By following in the footsteps of Stephanie West [West 1981], I argue that it is worth considering the possibility that P.Hibeh I 28, instead of belonging either to a Ptolemaic edict aimed at regulating the constitution of one of the three Greek cities of Egypt or to a literary work containing an extended quotation of a municipal law (as happens, for instance, in a passage of Satyrus’ treatise On the Demes of Alexandria), might rather display constitutional theorizing, though rooted, in my view, in a philosophical tradition far different from that underpinning Plato’s Laws. I speculate, therefore, that P.Hibeh I 28 and SB VI 9559 possibly originate from Demetrius’ stay at the Ptolemaic court at the beginning of the third century BC, when he advised the king on the Alexandrian law code [Ael. VH 3.17 = Demetr. F 40 SOD: see e.g. Williams 1987, 90–92; Haake 2007, 66]. My hypothesis rests on four main points:

  1. that the correspondence between constitutional issues and a calendar based on a 360-day year was exploited not only by Plato in his provisions for Magnesia [e.g. Lg. 756b-e, 758b, 771b], but also by Aristotle for describing the original tribal organization of Athens in the lost initial section of the Ἀθηναίων πολιτεία [Arist. Ath. F 2 Chambers apud Lex.Patm. 152, s.v. γεννῆται];
  2. that officers known as gynaikonomoi were part of the constitutional apparatus of Athens during the government of Demetrius of Phalerum [e.g. Ogden 2002], who might easily have introduced them to Alexandria;
  3. that the text preserved by P.Hibeh I 28 was probably composed at the very beginning of the third century BC, since the most recent papyrus among those extracted from the same cartonnage dates to 251 BC (SB XIV 11308) and, unlike documents (which were immediately discarded once they became out of date), literary texts could last even for half a century before entering the recycling process;
  4. that the papyrus material used in making up most of the mummy cartonnages found at Hibeh was probably obtained from a collection of rolls specialized in Peripatetic philosophy, logic and rhetoric [Daris 1995, esp. 1126–1129], which contained, among others, such works as Theoprastus’ De aqua (P.Hibeh I 16, mummy A), the Rhetoric to Alexander (P.Hibeh I 26, mummy A), a treatise Περὶ λέξεως (P.Hibeh II 183, mummy A), an ethnographical fragment (P.Hibeh II 185, mummy A), an agricultural manual to be plausibly connected with Theophrastus’ Historia plantarum (P.Hibeh II 187, mummy A) and perhaps a fragment of the fourth-century BC physician Diocles of Carystus (P.Hibeh II 190, mummy A).

4. This research offers the matchless opportunity to work with a very wide range of evidence (especially literary, epigraphical, papyrological, numismatic and archaeological), its aim being that of setting new standards for the integrated study of Hellenistic political and cultural history. For the investigation of the post-Alexander world has long been characterized by a paradox: on the one hand, much scholarship has attempted to rescue it from narratives of decline, stressing, for instance, the continuity of the polis culture; on the other hand, despite such a focus on this sort of continued vitality, a great divide remains between historians of the Classical and Hellenistic ages of Greek history in the approach and prioritization of particular source materials. If the work of the former is characterized by cross-fertilization of historiographical, oratorical, philosophical and epigraphical texts, the approach of the latter remains by and large stone- or papyrus-centric. The result is that cultural history is often sidelined and kept separate from political and institutional history [cf. Treves 1955, esp. 12–13], while the examination of authors, cultural movements and debates is marred by “a series of fundamentally paratactic studies” [Luraghi 2017, 180].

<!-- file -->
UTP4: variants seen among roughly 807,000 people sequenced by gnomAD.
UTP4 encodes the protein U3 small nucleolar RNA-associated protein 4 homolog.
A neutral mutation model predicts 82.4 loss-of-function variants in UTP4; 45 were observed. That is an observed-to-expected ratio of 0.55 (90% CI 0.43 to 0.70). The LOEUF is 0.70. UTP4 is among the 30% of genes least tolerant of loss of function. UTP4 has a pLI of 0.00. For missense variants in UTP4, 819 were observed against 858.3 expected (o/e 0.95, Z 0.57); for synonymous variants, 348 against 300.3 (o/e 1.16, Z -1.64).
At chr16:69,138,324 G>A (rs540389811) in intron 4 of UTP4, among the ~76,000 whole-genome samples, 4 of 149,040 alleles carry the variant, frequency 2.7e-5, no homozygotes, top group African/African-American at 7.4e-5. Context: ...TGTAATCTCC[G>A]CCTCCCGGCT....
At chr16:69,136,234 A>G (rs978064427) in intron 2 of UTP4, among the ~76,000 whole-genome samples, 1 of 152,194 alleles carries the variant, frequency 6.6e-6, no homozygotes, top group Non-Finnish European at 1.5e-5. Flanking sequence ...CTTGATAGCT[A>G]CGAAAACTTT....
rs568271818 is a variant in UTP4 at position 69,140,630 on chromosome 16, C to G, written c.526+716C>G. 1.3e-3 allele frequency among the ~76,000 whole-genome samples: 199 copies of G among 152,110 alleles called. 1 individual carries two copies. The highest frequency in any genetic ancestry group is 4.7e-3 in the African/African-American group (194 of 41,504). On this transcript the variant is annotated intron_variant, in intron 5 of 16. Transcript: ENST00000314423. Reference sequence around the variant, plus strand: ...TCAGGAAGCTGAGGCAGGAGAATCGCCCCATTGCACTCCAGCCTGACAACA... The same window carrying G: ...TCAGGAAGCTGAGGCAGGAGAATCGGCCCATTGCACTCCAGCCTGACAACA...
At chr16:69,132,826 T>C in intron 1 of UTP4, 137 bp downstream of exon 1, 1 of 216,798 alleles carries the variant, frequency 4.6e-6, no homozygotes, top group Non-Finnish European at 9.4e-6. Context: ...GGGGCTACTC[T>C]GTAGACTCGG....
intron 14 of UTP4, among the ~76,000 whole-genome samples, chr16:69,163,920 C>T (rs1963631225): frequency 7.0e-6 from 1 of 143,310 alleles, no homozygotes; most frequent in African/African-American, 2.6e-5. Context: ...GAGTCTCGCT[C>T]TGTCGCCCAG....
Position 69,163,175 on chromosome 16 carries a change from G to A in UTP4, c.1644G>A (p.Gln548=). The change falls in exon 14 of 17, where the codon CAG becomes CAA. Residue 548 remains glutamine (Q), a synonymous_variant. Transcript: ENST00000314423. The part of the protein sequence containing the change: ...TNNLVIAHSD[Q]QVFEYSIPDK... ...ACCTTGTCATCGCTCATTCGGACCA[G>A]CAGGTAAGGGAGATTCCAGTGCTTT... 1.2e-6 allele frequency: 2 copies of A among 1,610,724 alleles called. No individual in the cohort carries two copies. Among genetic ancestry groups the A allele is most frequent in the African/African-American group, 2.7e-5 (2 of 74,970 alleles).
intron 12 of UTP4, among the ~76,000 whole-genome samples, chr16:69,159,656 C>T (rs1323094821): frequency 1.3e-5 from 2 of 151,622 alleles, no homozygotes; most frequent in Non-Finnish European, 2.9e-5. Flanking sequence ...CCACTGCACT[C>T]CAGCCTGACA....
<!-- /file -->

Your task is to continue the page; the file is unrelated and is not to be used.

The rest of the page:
The significance of my principal research question, namely the existence of a strong interconnection between Athens and early Ptolemaic Egypt, lies in two main assumptions: first, that the influence of Classical Athens’ religious, political and cultural systems on the early Lagid kingdom by a number of different vectors represents the first moment when the Athenian model went, as it were, global; second, that analyzing the complex processes of transmission and reinvention of Classical Athens’ cultural and political heritage that took place at the Alexandrian court and, therefore, clarifying the ways in which one of the major Hellenistic monarchies responded to and refashioned templates stemming from the quintessentially democratic city-state lead us to provide an interdisciplinary reassessment of the impact of Athenian democratic traditions in multi-ethnic and multicultural societies [e.g. Johnson 1992]. From this standpoint, Ptolemaic Alexandria is a striking case in point, illuminating how post-Classical Greek identity developed when confronted with both known and new civilizations [cf. Momigliano 1975].